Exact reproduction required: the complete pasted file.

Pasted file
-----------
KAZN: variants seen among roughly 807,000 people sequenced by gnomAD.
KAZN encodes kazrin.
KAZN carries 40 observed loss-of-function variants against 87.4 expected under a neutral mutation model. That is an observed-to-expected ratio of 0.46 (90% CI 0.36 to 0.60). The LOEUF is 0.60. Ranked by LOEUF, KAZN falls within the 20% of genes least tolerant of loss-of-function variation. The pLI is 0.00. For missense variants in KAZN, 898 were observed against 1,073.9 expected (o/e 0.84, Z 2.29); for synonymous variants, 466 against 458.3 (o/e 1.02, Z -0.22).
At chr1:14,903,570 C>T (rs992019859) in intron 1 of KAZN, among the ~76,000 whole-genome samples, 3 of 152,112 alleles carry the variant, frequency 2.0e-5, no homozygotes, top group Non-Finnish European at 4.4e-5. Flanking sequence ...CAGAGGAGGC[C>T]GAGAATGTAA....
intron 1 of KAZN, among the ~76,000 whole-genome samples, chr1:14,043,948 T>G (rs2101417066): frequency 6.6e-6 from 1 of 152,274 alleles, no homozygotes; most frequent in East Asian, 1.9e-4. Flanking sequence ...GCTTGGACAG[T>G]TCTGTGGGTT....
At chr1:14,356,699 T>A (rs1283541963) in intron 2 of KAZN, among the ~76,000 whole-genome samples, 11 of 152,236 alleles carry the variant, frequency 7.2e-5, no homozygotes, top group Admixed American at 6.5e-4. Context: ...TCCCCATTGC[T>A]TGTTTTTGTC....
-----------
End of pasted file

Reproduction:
KAZN: variants seen among roughly 807,000 people sequenced by gnomAD.
KAZN encodes kazrin.
KAZN carries 40 observed loss-of-function variants against 87.4 expected under a neutral mutation model. That is an observed-to-expected ratio of 0.46 (90% CI 0.36 to 0.60). The LOEUF is 0.60. Ranked by LOEUF, KAZN falls within the 20% of genes least tolerant of loss-of-function variation. The pLI is 0.00. For missense variants in KAZN, 898 were observed against 1,073.9 expected (o/e 0.84, Z 2.29); for synonymous variants, 466 against 458.3 (o/e 1.02, Z -0.22).
At chr1:14,903,570 C>T (rs992019859) in intron 1 of KAZN, among the ~76,000 whole-genome samples, 3 of 152,112 alleles carry the variant, frequency 2.0e-5, no homozygotes, top group Non-Finnish European at 4.4e-5. Flanking sequence ...CAGAGGAGGC[C>T]GAGAATGTAA....
intron 1 of KAZN, among the ~76,000 whole-genome samples, chr1:14,043,948 T>G (rs2101417066): frequency 6.6e-6 from 1 of 152,274 alleles, no homozygotes; most frequent in East Asian, 1.9e-4. Flanking sequence ...GCTTGGACAG[T>G]TCTGTGGGTT....
At chr1:14,356,699 T>A (rs1283541963) in intron 2 of KAZN, among the ~76,000 whole-genome samples, 11 of 152,236 alleles carry the variant, frequency 7.2e-5, no homozygotes, top group Admixed American at 6.5e-4. Context: ...TCCCCATTGC[T>A]TGTTTTTGTC....